Decision on Salmon, Steelhead Plan Looms

Published November 1, 2009

Under the watchful eyes of the residents of Washington and Oregon, the Obama administration is preparing to unveil its plan to improve numbers of several species of endangered and threatened salmon and steelhead in the Columbia and Snake Rivers.

The issue bedeviled the Clinton and Bush administrations as large numbers of residents of the two states claimed their interests were ignored by federal government decisions.

Declining numbers of wild salmon—coho, sockeye, chum, and chinook—and steelhead trout led to their being classified as either endangered or threatened under the Endangered Species Act by the National Oceanic and Atmospheric Administration. These fish hatch and spend the first part of their lives in fresh water before migrating to the ocean. Upon reaching sexual maturity, they return to fresh water to spawn.

Economic Concerns

Wild salmon and steelhead undertaking the treacherous migration from the Snake and Columbia Rivers to the Pacific Ocean and back face additional obstacles in the many dams built on those rivers.

The rivers are essential to the economic well-being of rural Washington, Oregon, and Idaho. Dams erected along the rivers decades ago supply the region with hydroelectric power, protect against floods, and provide avenues for barge traffic that turned Clarkston, Washington, and Lewiston, Idaho into inland ports. In addition, water from the dams has transformed Eastern Washington from a veritable dustbowl into a vibrant agricultural region.

The same dams that have raised the standard of living for local residents also hinder the migration of salmon and steelhead, however, making any ESA-mandated recovery plan a walk through a political minefield. Three recovery plans—one by the Clinton administration (2000) and two by the Bush administration (2004 and 2008)—were struck down by federal courts.

The Clinton administration determined the dams jeopardized fish runs, and officials didn’t rule out breaching the dams for the salmon and steelhead. But the administration avoided taking that step. Plans developed by the Bush administration expressly ruled out removing the dams, instead favoring installation of devices designed to ease the passage of fish through the dams.

Efforts at Compromise

Before rejecting the second Bush recovery plan, U.S. District Judge James A. Redden in February 2008 approved an agreement between federal and state agencies and fishing and environmental groups. The agreement allows for additional water to be spilled over the dams during spring and summer migrations, creating more-natural conditions for the fish to make their passage.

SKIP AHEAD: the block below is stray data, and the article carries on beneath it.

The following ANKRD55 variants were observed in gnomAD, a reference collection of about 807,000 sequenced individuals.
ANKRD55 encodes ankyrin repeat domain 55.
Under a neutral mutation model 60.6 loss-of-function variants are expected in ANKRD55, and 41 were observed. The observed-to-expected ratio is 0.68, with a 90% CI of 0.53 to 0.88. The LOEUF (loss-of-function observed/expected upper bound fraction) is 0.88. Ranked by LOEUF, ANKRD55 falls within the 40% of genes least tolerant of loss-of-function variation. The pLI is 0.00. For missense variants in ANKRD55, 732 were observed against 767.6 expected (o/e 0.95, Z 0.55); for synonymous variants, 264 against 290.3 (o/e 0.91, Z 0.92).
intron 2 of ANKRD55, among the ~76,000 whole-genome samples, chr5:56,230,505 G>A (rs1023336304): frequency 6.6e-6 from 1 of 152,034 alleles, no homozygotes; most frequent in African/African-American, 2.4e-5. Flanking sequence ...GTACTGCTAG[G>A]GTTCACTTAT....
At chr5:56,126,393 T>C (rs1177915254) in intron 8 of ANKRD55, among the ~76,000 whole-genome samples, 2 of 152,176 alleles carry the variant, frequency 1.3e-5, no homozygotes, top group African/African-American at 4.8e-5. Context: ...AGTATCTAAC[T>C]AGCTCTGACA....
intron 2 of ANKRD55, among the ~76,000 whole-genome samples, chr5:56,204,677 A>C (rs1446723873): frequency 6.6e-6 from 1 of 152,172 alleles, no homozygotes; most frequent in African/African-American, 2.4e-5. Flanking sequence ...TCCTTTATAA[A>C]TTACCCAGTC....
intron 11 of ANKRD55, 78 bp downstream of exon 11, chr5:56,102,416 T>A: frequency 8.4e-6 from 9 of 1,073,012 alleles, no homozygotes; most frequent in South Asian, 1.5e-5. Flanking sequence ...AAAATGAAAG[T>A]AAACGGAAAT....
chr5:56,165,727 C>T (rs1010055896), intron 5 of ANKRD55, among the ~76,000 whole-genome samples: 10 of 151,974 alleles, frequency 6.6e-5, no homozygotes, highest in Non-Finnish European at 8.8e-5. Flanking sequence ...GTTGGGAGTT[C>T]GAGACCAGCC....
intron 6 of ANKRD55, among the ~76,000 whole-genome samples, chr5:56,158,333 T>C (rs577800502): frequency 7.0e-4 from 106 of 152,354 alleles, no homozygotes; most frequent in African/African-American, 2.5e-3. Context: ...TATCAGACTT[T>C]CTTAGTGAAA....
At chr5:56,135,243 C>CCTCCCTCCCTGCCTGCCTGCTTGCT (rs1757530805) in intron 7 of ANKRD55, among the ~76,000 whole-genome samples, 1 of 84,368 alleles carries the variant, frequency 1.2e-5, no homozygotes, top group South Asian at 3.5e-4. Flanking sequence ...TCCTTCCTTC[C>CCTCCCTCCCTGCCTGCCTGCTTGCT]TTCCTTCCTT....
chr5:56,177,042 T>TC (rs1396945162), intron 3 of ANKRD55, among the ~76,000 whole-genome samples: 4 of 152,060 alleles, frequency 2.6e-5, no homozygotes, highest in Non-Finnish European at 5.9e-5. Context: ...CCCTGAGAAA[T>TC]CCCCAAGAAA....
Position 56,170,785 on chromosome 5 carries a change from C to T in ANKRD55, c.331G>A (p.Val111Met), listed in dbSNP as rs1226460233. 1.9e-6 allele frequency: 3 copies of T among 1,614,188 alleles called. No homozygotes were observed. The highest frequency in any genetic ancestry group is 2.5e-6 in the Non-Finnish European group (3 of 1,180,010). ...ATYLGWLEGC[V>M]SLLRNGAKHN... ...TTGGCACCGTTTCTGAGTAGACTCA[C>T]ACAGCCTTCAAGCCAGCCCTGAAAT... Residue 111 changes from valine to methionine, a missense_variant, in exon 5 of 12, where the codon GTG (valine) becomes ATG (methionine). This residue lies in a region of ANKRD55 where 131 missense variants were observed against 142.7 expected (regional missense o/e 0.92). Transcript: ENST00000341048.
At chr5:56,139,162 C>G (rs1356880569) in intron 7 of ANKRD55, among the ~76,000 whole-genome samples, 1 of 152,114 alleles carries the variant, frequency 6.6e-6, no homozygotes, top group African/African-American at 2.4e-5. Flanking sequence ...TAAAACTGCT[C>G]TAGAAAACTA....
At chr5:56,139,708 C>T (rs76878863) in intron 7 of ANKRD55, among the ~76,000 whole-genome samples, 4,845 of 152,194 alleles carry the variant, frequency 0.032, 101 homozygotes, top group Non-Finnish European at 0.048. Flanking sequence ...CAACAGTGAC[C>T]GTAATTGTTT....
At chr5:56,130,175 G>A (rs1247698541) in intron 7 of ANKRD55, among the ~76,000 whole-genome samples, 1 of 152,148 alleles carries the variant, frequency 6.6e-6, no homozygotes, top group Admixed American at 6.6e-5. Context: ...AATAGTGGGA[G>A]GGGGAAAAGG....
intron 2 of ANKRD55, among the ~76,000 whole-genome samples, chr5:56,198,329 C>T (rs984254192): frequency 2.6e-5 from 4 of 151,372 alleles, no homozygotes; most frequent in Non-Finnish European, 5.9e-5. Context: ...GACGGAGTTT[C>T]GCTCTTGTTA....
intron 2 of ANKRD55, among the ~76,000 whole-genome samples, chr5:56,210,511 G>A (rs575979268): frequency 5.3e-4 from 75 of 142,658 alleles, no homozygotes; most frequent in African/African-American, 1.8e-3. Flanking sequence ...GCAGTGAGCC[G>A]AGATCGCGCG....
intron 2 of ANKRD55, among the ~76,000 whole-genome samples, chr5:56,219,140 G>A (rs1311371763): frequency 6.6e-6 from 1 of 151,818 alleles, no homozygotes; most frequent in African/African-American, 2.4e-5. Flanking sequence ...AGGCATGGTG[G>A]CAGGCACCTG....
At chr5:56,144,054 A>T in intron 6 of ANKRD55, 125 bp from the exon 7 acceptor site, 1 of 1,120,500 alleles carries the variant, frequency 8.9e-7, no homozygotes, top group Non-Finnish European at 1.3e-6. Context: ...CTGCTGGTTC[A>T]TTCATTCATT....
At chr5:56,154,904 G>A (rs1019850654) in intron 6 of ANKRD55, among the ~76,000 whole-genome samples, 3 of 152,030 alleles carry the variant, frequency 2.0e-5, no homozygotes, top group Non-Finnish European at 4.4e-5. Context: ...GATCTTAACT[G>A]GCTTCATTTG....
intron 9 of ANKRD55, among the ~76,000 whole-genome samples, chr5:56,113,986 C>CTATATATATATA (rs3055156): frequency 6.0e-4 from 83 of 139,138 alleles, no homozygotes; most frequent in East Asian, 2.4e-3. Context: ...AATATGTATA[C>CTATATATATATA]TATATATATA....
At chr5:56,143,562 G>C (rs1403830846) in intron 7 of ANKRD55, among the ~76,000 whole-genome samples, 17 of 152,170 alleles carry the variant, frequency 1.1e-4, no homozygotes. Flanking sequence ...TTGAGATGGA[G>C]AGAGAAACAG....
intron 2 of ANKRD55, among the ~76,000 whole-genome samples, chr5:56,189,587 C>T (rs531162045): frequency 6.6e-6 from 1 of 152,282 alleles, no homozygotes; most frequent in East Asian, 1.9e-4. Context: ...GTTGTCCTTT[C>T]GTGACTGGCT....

Redden also will decide whether the Obama administration’s recovery plan, officially known as a Biological Opinion, is compatible with the ESA. Meanwhile, Save Our Wild Salmon, a nationwide coalition of environmental groups, is urging the administration to take a hard line on the dams.

Battle Lines Drawn

In an August 11 letter to Commerce Secretary James Locke, whose department has jurisdiction over NOAA, a group of some 100 scientists, mostly biologists, called for a sharp break with the past. “By failing to address a primary source of salmon mortality—namely, the dams on the Columbia and Snake rivers—those federal plans were unlikely to avert extinction, much less restore abundant, self-sustaining, harvestable populations of these species,” they wrote.

Others, however, see dam removal as a calamity for both people and fish. “In Oregon, we don’t have many ‘acceptable’ forms of energy, and this is just one more attack against an energy source that produces reliable and consistent power,” said Todd Wynn, a climate change and energy policy analyst with the Cascade Policy Institute.

“Nuclear power was banned in 1980, a bill was just passed that eliminates future coal use, hydropower is frowned upon because of salmon issues, and even natural gas, including liquid natural gas, is opposed by environmental groups,” said Wynn. “The only power that is acceptable in Oregon is wind and solar power, which will not be able to deliver the reliable energy needed to meet future demand.”

Bonner R. Cohen, Ph.D. ([email protected]) is a senior fellow with the National Center for Public Policy Research in Washington, DC.